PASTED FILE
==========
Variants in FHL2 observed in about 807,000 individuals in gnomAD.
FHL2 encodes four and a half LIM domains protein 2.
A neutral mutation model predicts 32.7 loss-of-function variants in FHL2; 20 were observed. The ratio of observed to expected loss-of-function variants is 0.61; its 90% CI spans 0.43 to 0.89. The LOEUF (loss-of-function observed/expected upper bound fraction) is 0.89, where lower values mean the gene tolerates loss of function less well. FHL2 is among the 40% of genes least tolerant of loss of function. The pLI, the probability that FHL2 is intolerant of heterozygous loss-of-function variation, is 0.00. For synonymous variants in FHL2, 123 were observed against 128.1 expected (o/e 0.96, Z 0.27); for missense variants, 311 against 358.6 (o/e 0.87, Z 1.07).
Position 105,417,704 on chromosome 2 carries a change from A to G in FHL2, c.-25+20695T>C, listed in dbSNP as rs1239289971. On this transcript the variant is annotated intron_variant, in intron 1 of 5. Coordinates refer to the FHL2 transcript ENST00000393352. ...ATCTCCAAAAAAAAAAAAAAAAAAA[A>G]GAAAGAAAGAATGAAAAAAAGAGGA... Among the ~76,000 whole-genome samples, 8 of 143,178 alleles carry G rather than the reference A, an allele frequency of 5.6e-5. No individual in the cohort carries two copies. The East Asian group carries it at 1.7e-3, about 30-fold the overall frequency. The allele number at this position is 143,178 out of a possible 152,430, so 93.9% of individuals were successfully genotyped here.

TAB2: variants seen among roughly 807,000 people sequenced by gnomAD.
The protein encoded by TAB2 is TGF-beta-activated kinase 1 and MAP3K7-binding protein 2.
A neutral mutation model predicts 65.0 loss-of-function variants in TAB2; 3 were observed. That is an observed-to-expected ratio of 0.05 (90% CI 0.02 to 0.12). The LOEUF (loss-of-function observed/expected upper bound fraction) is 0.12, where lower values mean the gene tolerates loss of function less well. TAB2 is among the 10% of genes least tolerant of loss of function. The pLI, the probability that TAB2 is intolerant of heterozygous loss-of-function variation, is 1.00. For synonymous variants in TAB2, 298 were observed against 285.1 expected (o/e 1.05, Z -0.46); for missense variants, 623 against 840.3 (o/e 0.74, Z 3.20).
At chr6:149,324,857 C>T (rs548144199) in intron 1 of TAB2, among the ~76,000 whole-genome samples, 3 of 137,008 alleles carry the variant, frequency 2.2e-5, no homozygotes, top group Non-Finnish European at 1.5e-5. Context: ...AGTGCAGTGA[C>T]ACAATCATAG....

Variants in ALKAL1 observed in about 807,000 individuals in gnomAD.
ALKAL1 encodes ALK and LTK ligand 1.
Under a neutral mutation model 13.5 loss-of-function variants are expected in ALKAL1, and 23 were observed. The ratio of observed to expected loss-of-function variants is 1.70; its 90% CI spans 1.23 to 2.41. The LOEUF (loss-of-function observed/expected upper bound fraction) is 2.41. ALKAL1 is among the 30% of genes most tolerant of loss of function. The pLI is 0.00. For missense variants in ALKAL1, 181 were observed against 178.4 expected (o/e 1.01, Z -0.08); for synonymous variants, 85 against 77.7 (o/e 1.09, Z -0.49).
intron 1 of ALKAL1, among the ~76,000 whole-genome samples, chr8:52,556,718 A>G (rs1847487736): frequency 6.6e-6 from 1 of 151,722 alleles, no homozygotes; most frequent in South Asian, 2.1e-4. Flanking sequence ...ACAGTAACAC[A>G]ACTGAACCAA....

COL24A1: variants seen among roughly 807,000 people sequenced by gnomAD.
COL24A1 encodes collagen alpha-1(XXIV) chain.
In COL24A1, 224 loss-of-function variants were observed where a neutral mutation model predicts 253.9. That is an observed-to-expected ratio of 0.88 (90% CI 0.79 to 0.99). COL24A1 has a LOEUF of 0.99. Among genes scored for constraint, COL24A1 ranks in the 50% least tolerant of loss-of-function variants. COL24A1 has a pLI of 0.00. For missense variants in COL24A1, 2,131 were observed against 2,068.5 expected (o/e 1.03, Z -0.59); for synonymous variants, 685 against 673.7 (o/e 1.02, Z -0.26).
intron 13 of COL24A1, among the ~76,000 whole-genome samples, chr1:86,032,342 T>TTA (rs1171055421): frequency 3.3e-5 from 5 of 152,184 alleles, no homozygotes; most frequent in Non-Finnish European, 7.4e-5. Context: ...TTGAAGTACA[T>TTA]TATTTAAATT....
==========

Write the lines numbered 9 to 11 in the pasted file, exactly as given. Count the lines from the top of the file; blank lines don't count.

Variants in ALKAL1 observed in about 807,000 individuals in gnomAD.
ALKAL1 encodes ALK and LTK ligand 1.
Under a neutral mutation model 13.5 loss-of-function variants are expected in ALKAL1, and 23 were observed. The ratio of observed to expected loss-of-function variants is 1.70; its 90% CI spans 1.23 to 2.41. The LOEUF (loss-of-function observed/expected upper bound fraction) is 2.41. ALKAL1 is among the 30% of genes most tolerant of loss of function. The pLI is 0.00. For missense variants in ALKAL1, 181 were observed against 178.4 expected (o/e 1.01, Z -0.08); for synonymous variants, 85 against 77.7 (o/e 1.09, Z -0.49).